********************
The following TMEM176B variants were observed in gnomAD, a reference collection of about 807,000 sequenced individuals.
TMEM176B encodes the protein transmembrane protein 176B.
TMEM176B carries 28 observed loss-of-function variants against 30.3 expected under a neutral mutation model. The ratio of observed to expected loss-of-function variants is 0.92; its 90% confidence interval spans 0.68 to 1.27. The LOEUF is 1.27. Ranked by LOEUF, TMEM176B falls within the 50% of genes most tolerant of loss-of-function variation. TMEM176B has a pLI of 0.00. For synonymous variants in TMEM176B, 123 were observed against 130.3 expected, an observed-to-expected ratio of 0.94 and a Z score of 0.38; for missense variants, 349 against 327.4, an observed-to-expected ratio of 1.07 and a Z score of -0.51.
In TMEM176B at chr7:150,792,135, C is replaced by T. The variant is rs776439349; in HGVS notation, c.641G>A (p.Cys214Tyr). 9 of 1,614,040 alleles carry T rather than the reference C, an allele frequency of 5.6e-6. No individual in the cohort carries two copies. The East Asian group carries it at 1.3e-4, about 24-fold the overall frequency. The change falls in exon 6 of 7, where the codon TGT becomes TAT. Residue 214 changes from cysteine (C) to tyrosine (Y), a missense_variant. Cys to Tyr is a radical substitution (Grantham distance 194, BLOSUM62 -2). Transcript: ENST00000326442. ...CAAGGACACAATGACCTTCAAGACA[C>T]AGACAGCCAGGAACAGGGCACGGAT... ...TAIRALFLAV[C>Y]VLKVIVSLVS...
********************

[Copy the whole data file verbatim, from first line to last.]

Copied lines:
The following TMEM176B variants were observed in gnomAD, a reference collection of about 807,000 sequenced individuals.
TMEM176B encodes the protein transmembrane protein 176B.
TMEM176B carries 28 observed loss-of-function variants against 30.3 expected under a neutral mutation model. The ratio of observed to expected loss-of-function variants is 0.92; its 90% confidence interval spans 0.68 to 1.27. The LOEUF is 1.27. Ranked by LOEUF, TMEM176B falls within the 50% of genes most tolerant of loss-of-function variation. TMEM176B has a pLI of 0.00. For synonymous variants in TMEM176B, 123 were observed against 130.3 expected, an observed-to-expected ratio of 0.94 and a Z score of 0.38; for missense variants, 349 against 327.4, an observed-to-expected ratio of 1.07 and a Z score of -0.51.
In TMEM176B at chr7:150,792,135, C is replaced by T. The variant is rs776439349; in HGVS notation, c.641G>A (p.Cys214Tyr). 9 of 1,614,040 alleles carry T rather than the reference C, an allele frequency of 5.6e-6. No individual in the cohort carries two copies. The East Asian group carries it at 1.3e-4, about 24-fold the overall frequency. The change falls in exon 6 of 7, where the codon TGT becomes TAT. Residue 214 changes from cysteine (C) to tyrosine (Y), a missense_variant. Cys to Tyr is a radical substitution (Grantham distance 194, BLOSUM62 -2). Transcript: ENST00000326442. ...CAAGGACACAATGACCTTCAAGACA[C>T]AGACAGCCAGGAACAGGGCACGGAT... ...TAIRALFLAV[C>Y]VLKVIVSLVS...